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Excerpts from the Arab and Iranian Media & Analysis of US Policy in the Region

The Islamic State effect: Lebanon’s new security symbiosis — by Nicholas Noe

The Islamic State effect: Lebanon’’s new security symbiosis
By Nicholas Noe – 28 Aug 14

The full report from the European Council on Foreign Relations can be found here:
http://www.ecfr.eu/content/entry/commentary_the_islamic_state_effect_lebanons_new_security_symbiosis302

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Key Findings:

— Several months before the Islamic State (IS) surge in Mosul, a preponderant majority of Lebanon’’s political elite, backed by a rare regional and international consensus, recognized the common threat that IS and its fellow travelers represent and, as a result, coordinated an effective security response built, first, on a new power-sharing agreement and, second, on a recognition that violent Sunni extremist groups are best fought by Sunnis themselves, especially within Lebanon’s borders.

— Had this arrangement not taken hold in March 2014, it is likely that an IS surge in Lebanon post-Mosul – via the Bekka township of Arsal and/or the Northern city of Tripoli – would have significantly fractured the Lebanese state and led to a level of sustained fighting not seen since the end of the Lebanese Civil War in 1990.

— An unprecedented level of US and European intelligence sharing with all Lebanese security agencies – including those perceived as close to the militant Shiite movement Hezbollah – played and is still playing a significant, positive role in shoring up Lebanon’s security architecture.

— At the same time, these gains are crucially dependent on the continued success of Hezbollah’s military actions along the border and in Syria against violent Sunni extremists – much as Hezbollah is now finding itself dependent on the gains of Lebanon’s security agencies, even those formerly at odds with it.

— The new security symbiosis that has emerged is fragile, with longstanding domestic, regional and international conflicts barely concealed for the moment. A more powerful surge by IS or renewed enmity by any combination of larger geopolitical actors like Iran, Saudi Arabia and the US could overwhelm the local arrangement.

— Building further on what is working now could, if not properly balanced, aid and protect Hezbollah to such an extent that its authoritarian, chauvinistic and violent aspects – at home and abroad – are encouraged and accelerated.

— The most effective way to blunt this outcome and further buffer Lebanon from IS is to provide the quantity and quality of weapons and training that the Lebanese Armed Forces (LAF) has long requested but which, still to this day, have been denied largely as a result of misplaced and counter-productive concerns regarding any change in the Qualitative Military Edge between Israel and Lebanon. More Hellfire missiles for the LAFs hopelessly outdated (and now outgunned) Cessnas will simply not do.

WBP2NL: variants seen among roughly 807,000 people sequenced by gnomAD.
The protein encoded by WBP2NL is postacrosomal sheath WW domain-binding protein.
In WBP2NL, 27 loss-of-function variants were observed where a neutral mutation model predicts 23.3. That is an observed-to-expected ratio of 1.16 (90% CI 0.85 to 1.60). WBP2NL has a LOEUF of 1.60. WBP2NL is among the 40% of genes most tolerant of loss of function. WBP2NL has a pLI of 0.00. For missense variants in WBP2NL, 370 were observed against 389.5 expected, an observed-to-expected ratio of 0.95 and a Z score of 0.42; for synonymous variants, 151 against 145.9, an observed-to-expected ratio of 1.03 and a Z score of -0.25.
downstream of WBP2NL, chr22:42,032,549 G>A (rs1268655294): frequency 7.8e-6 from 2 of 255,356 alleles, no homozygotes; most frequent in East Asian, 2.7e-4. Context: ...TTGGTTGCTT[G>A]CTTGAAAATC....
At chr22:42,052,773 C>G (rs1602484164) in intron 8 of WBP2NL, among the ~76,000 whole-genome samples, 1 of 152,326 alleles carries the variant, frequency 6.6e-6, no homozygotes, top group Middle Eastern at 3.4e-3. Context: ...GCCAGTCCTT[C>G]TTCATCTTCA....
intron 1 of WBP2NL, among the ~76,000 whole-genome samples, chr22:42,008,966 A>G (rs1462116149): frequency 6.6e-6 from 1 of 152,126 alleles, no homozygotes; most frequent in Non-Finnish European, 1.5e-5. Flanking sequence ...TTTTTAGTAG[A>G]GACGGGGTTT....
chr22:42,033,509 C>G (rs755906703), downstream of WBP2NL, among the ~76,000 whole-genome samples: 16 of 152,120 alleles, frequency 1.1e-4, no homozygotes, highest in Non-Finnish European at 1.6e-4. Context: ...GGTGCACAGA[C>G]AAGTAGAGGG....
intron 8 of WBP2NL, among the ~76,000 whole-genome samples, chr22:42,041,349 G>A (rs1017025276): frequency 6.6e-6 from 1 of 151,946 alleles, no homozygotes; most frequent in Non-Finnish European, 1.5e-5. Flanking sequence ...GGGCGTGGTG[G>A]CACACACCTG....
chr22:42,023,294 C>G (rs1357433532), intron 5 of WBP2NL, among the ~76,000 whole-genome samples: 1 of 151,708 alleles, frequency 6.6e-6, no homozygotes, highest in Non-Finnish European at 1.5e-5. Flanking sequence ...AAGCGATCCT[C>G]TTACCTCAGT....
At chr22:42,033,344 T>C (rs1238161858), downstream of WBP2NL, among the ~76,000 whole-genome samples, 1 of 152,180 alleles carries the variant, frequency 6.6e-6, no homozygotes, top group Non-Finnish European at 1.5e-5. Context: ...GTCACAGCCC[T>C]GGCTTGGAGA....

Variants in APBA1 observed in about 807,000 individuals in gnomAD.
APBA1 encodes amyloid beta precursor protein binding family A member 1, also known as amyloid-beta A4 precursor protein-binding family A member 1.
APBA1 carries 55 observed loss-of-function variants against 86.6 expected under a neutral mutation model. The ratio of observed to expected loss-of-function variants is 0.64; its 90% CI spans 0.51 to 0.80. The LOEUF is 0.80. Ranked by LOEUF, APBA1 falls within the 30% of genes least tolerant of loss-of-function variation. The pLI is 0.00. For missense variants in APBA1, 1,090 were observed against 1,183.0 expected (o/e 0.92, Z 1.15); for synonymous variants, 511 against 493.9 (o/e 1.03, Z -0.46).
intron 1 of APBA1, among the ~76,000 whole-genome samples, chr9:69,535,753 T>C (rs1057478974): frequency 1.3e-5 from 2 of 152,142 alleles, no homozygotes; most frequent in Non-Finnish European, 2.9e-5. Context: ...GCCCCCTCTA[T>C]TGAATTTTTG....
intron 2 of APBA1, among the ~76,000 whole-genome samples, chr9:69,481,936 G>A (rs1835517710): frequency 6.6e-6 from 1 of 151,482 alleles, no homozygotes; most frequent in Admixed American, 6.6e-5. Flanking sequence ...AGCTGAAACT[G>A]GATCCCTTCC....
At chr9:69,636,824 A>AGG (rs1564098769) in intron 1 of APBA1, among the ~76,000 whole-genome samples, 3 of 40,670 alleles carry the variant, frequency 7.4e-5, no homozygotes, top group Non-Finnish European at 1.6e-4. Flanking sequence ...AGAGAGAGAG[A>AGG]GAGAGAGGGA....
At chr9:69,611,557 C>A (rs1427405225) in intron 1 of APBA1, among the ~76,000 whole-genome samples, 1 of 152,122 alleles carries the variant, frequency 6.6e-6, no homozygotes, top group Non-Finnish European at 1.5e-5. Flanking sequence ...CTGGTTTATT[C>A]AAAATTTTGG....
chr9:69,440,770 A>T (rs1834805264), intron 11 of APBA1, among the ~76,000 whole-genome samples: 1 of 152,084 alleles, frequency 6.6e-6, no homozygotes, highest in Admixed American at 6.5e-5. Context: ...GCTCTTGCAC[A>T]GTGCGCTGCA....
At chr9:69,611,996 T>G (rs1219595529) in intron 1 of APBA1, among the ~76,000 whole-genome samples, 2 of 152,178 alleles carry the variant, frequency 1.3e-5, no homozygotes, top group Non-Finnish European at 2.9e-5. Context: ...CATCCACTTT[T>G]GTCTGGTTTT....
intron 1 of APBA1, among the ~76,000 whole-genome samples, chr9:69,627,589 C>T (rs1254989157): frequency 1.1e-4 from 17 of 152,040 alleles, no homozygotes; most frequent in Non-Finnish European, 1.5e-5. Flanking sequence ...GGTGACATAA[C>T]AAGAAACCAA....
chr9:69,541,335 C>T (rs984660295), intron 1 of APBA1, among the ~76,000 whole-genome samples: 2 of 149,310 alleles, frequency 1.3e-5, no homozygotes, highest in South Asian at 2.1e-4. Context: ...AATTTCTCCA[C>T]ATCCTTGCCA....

— Either way, Hezbollah is now playing a starring role in the emerging regional containment strategy for IS, despite its terrorist labeling by some actors.

— As this is happening, attitudes in Beirut are changing on all sides and in an unprecedented fashion: Key Hezbollah officials now say, privately, that the US is a “factor for stability” in Lebanon while key Future movement leaders also now acknowledge, in private, that Syrian President Bashar al-Assad will likely have to stay if a durable regional response to IS and JAH is to be put in place. Both parties are only now, however, beginning the difficult process of preparing their respective constituencies for what would be quite dramatic and politically difficult about-faces.

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Excerpt From Full Report [2500 words]– When Sunni Islamist fighters launched a series of deadly attacks in August in the Bekaa Valley border town of Arsal against the Lebanese Armed Forces (LAF) and the Internal Security Forces (ISF), the immediate repercussions for Lebanon and the wider region could have been particularly damaging. If the militant surge had been successful, those who carried out the attack, including members of the Islamic State (IS) and Jabhat al-Nusra (JAN), and other similarly minded groups could have established an open beachhead for expanded violent operations within Lebanon. At the same time, the perception of IS’s ascendency and potency in the region would have been bolstered, further fuelling the group’s momentum and complicating efforts to contain it…

Read on at: http://www.ecfr.eu/content/entry/commentary_the_islamic_state_effect_lebanons_new_security_symbiosis302

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Nicholas Noe is a visiting fellow with ECFR. He is the co-founder of the Beirut-based Mideastwire.com and the editor of Voice of Hezbollah: The Statements of Sayyed Hassan Nasrallah.

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Written by nickbiddlenoe

August 28, 2014 at 7:16 pm

Posted in Uncategorized

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